Solo indie developer Dr. Kucho, who is also an EDM artist, is enjoying the fruits of his labor after spending nearly a decade getting his newly released passion project, Moons of Darsalon.
The game follows a lot of design principles and style to that of classic titles of the past with its Lemmings-based gameplay. It turns out is no surprised the game has classic mechanics, considering Kucho’s opinion on modern gaming and the ecosystem it’s cultivated.
“The modern gaming ecosystem is killing true video games,” he stated rather plainly in an interview with PreMortem Games. “Players don’t want a video game, they want a simulation of a video game. Something that seems to offer a challenge, but is actually a perfectly balanced system so that no one ever feels frustrated. For me, these are not games, they are guided tours!”
To sum up, Kucho’s thoughts mainly focus on the modern gaming ecosystem rather than just modern games. However because of said ecosystem, as he describes it, more games have been coming out avoiding challenging the player therefore creating players who can’t handle tougher games leading into a feedback loop.
He also went into more detail on what he meant when asked about his perspective on what he’s learned throughout the process of developing Moons of Darsalon as a solo dev:
The modern gaming ecosystem is killing true video games. To me, a video game should offer a challenge, something that you would want to replay to see how your skills are improving. Actually the fun of playing video games is right there. But the modern gaming ecosystem is creating a very large group of players who see these aspects as negative. If they fall off a cliff, they want a checkpoint at the top of the cliff; if an enemy shoots a bullet and they do absolutely nothing to avoid the bullet, they complain about the difficulty; If they have to repeat a level because they died due to playing without any caution or care, they exclaim “Do I have to repeat everything now!?”.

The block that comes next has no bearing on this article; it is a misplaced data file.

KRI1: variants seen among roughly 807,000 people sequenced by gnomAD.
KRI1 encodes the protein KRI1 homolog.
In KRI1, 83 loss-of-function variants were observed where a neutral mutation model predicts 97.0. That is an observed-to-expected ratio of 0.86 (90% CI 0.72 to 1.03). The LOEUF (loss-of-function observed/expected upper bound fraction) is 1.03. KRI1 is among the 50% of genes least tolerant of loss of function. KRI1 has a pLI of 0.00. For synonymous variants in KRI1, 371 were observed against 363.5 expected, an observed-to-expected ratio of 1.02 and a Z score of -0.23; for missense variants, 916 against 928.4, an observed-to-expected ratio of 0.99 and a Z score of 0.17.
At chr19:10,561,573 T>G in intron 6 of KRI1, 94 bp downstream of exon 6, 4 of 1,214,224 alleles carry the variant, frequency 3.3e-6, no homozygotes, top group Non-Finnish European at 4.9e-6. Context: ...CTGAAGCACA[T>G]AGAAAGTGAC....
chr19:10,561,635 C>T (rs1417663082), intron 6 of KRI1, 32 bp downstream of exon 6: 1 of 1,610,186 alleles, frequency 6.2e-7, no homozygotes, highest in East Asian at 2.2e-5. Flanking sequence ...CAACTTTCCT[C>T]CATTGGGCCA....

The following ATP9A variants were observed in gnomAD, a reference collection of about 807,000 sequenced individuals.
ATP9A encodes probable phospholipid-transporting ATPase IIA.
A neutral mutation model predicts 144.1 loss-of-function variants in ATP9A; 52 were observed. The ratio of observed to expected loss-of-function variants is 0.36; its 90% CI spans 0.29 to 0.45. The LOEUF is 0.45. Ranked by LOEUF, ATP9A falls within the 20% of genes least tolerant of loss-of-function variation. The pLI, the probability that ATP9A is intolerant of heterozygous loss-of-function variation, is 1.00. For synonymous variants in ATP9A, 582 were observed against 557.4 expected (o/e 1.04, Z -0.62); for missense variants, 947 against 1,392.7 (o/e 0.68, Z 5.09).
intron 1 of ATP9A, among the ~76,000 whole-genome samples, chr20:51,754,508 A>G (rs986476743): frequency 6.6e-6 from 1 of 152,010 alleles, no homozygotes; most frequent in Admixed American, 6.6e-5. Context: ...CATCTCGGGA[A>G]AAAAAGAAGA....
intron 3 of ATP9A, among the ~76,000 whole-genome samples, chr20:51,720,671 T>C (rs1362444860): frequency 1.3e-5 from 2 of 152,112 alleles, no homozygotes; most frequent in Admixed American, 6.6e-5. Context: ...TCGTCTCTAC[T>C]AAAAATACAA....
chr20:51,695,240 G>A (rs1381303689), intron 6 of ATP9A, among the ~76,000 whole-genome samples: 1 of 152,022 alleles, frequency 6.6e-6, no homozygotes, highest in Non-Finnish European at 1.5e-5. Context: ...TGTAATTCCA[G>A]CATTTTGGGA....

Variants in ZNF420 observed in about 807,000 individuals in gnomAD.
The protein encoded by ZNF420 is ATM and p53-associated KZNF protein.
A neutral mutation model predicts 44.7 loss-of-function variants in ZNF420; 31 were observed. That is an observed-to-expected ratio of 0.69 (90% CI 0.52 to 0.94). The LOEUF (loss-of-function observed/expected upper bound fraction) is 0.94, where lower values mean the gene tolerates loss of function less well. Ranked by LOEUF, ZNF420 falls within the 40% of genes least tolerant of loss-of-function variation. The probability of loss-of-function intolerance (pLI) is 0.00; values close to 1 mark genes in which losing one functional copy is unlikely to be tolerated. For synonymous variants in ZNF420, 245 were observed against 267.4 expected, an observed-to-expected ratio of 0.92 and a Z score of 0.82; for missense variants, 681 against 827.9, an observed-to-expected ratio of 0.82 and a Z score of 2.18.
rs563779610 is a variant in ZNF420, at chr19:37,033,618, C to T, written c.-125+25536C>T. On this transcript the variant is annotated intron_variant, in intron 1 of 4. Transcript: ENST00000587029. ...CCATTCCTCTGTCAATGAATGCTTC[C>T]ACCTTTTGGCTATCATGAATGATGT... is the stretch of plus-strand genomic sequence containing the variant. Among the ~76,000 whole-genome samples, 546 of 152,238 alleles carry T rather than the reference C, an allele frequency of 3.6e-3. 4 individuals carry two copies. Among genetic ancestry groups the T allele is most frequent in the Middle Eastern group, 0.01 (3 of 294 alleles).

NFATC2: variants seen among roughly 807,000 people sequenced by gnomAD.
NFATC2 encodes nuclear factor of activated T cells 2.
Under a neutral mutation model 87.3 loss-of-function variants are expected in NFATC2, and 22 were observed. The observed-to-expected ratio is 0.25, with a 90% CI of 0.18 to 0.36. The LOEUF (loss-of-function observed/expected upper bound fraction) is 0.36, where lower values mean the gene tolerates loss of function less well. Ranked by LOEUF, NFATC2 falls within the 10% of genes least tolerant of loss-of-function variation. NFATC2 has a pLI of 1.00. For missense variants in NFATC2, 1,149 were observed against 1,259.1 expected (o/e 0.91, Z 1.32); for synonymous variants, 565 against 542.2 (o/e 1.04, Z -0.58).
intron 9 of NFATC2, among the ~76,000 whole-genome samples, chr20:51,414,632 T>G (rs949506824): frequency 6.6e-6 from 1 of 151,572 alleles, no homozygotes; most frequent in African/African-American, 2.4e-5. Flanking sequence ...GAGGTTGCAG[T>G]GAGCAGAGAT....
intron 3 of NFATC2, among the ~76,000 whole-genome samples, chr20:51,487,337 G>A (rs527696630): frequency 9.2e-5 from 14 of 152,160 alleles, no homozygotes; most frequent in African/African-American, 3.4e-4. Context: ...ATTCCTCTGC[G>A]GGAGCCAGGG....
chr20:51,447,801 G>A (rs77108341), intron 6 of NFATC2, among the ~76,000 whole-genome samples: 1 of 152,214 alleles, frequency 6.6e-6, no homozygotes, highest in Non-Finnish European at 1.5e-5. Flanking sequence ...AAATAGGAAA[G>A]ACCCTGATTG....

Basically, these players don’t want a video game, they want a simulation of a video game, something that SEEMS to offer a challenge, but is actually a perfectly balanced system so that no one ever feels frustrated while at the same time no one takes any risks and there is no penalty for playing poorly. For me, these are not games, they are GUIDED TOURS, it’s something similar to the ‘Ego tour’ offered by the company Memory Call in the movie Total Recall, it seems like an adventure but it always goes well, therefore, it’s not an adventure.
The review system on Steam, and the fear that developers have of negative reviews, is favoring the increasing number of games of this type, and the increasing number of games of this type is melting away the little courage that gamers of today may still have. And the worst part is that they are completely convinced. I don’t know when they became video game experts (watching movies does not makes you James Cameron), but since the rest of the games they play are extremely accommodating, when the game penalizes them, they don’t think they did something wrong, THE GAME IS WRONG!, and it’s not up for debate, it’s wrong, end of story.”
It’s highly recommended one check out the full interview, especially if they’re interested or are working on their own project to get some insight from one who has gone through the process.
You can also check out his latest game, Moons of Darsalon, which is available now on PC (via Steam).